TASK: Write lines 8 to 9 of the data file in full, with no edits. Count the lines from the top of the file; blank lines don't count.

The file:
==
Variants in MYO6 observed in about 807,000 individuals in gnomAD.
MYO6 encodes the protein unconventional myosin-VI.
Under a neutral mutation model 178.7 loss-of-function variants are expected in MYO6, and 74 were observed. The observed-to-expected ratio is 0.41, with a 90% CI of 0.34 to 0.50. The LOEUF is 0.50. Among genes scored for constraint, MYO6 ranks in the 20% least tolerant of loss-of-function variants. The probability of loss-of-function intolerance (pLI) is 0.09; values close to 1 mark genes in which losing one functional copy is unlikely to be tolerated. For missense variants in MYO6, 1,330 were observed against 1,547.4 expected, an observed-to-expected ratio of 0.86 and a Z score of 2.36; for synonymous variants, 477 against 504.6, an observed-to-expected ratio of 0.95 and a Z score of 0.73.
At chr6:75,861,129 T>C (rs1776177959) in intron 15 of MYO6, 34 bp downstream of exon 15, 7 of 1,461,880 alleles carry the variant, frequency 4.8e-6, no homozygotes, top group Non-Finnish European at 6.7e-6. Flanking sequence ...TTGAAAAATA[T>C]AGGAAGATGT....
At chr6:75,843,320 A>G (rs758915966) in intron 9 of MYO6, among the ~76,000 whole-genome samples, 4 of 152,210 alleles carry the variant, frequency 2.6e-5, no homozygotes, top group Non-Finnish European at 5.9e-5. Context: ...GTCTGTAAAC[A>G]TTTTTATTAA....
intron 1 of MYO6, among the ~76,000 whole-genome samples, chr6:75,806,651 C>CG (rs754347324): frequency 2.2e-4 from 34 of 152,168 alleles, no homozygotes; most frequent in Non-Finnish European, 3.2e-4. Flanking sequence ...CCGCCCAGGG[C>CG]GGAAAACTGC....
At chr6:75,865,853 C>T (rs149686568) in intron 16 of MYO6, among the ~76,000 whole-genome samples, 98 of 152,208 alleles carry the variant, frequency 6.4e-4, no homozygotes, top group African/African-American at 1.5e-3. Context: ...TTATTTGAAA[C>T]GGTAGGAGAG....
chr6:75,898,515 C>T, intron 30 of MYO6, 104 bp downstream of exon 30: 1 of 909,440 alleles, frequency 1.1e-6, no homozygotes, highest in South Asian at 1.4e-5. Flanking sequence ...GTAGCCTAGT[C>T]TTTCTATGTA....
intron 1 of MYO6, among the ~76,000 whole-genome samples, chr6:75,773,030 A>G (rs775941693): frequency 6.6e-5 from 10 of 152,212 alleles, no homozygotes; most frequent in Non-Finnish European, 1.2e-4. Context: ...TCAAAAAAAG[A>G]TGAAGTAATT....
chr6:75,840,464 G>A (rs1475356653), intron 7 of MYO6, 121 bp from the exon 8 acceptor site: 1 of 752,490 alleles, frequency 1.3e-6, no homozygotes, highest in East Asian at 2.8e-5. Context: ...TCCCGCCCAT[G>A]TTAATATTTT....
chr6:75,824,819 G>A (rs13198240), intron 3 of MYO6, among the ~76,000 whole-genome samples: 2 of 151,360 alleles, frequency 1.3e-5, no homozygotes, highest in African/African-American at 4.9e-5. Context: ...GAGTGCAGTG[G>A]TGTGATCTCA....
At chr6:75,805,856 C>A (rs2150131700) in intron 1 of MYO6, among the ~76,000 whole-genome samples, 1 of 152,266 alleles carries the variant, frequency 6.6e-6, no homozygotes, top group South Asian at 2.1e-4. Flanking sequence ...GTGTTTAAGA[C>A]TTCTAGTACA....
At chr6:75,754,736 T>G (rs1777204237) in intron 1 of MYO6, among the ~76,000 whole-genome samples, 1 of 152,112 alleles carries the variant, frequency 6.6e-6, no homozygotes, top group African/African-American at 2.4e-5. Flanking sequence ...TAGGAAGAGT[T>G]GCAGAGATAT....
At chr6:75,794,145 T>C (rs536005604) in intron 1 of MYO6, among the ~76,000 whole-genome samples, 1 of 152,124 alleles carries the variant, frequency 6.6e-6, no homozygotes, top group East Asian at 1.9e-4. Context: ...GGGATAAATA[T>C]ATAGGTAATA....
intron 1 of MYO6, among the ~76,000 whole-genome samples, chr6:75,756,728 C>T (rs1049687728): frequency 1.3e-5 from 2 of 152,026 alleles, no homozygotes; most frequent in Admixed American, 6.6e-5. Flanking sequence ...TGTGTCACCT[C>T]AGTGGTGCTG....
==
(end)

chr6:75,898,515 C>T, intron 30 of MYO6, 104 bp downstream of exon 30: 1 of 909,440 alleles, frequency 1.1e-6, no homozygotes, highest in South Asian at 1.4e-5. Flanking sequence ...GTAGCCTAGT[C>T]TTTCTATGTA....
intron 1 of MYO6, among the ~76,000 whole-genome samples, chr6:75,773,030 A>G (rs775941693): frequency 6.6e-5 from 10 of 152,212 alleles, no homozygotes; most frequent in Non-Finnish European, 1.2e-4. Context: ...TCAAAAAAAG[A>G]TGAAGTAATT....